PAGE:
So, diet and hygiene. You probably know this already, but here’s some things that you should pay attention to if you’re not already. Stop eating lots of sugar, reduce your caffeine and alcohol intake, eat less meat, and wash your hands (a lot). The first three should be pretty obvious. Refined sugars (including sucrose, fructose and glucose) are fine (and delicious), but we consume far too much of them. Overdo it and eventually your risk of Type II diabetes goes up (along with your girth). Remember that if it tastes good, there’s probably sugar in it, and just because it has the word smoothie in front of it, doesn’t mean it’s healthy. Similarly, caffeine is awesome (my drug of choice), but it does some unpleasant things to your heart and brain over about three cups of coffee a day (and be particularly wary of ‘energy’ drinks that combine stupid caffeine doses with large amounts of refined sugars). Alcohol should go without saying, but again, the worst way to drink it is in spirits and in binge sessions (oops). Any health effects from glass a day are removed when you have more than three standard drinks in any given drinking bout. Meat consumption more than three days a week, and especially red meat and processed meats, is probably the best way to give yourself bowel cancer. Last, get into the habit of washing your hands thoroughly as often as you can. Do you get sick a lot (especially if you work in an office or large organisation or catch public transport)? Wash your hands more. It’s the easiest way of reducing your exposure to pathogens.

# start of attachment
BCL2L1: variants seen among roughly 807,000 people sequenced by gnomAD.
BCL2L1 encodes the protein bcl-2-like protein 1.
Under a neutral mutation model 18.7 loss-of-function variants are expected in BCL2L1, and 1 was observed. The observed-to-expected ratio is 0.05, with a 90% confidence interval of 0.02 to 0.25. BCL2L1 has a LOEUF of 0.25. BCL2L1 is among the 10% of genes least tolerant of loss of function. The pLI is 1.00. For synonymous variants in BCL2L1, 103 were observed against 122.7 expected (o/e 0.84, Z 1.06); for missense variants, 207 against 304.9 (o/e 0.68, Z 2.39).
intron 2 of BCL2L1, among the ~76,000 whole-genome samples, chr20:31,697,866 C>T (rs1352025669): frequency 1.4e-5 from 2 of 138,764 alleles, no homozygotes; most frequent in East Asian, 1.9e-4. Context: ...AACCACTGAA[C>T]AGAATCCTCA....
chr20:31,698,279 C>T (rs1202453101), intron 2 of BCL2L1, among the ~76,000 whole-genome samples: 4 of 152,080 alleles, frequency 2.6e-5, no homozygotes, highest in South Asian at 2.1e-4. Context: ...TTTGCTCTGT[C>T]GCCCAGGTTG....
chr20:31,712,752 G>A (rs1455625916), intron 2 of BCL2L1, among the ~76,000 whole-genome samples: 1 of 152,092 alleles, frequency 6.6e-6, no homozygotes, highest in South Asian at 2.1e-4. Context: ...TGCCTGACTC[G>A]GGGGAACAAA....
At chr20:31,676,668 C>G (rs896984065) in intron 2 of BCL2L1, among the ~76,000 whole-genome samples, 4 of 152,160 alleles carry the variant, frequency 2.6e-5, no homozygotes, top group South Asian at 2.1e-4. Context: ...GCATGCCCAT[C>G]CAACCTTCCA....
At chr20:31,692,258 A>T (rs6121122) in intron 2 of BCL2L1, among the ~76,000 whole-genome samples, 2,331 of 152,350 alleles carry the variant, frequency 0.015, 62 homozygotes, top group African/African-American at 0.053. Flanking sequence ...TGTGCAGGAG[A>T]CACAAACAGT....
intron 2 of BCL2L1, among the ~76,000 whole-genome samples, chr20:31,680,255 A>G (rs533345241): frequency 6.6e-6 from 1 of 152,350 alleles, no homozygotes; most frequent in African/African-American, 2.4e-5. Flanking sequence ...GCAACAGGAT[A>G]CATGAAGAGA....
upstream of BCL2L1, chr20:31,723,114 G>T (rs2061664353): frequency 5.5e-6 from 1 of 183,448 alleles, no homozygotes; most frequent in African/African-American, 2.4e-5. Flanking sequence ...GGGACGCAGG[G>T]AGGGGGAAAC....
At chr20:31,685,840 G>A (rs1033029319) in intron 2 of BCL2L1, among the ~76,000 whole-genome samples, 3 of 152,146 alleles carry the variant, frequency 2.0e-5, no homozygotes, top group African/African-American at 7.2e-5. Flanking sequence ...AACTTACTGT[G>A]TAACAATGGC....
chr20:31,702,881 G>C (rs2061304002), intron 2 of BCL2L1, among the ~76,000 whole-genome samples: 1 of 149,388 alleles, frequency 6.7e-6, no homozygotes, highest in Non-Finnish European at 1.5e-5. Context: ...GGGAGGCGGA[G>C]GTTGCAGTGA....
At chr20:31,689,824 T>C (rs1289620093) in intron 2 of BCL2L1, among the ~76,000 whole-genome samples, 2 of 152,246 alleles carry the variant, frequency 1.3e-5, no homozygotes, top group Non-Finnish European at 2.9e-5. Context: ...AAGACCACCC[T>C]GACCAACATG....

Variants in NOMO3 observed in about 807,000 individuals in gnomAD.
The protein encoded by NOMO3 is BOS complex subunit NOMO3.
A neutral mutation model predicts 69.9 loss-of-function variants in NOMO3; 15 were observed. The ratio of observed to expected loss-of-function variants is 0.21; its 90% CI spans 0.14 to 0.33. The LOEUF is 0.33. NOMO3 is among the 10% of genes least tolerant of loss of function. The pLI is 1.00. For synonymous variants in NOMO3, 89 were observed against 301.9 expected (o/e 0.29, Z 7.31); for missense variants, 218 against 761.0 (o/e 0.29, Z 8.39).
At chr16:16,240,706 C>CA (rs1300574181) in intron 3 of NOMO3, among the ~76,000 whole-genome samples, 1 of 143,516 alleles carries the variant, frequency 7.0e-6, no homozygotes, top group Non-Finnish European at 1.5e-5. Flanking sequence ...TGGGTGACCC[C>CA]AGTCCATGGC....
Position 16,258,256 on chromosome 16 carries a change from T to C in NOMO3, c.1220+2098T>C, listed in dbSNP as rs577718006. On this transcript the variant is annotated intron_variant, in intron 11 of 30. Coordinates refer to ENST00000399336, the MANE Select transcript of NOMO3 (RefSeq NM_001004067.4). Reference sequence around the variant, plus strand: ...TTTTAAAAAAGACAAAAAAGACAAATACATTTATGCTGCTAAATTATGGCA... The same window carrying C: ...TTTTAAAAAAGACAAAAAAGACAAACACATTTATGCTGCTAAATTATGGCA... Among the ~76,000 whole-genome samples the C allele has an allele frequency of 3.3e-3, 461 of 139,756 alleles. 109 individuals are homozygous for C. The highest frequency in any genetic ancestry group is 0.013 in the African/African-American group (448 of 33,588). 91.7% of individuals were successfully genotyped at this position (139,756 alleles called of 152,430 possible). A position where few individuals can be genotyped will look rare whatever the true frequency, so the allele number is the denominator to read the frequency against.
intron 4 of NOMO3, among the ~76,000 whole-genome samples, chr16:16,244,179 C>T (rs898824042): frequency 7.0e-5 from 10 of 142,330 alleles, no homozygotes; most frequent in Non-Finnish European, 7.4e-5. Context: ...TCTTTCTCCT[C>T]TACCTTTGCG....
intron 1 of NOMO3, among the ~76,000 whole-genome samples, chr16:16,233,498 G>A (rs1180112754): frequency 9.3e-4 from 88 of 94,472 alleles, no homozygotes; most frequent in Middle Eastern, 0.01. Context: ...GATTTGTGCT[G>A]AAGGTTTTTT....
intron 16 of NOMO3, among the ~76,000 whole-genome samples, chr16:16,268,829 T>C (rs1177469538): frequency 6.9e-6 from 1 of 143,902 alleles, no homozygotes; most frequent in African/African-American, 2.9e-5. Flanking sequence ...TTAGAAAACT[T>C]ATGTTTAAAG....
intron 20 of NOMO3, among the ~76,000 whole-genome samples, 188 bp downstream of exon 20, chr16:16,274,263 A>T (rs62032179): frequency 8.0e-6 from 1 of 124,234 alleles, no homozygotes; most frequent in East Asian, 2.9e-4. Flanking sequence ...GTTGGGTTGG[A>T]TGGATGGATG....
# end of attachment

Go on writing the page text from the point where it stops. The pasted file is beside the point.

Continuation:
OK, now for the more interesting bits.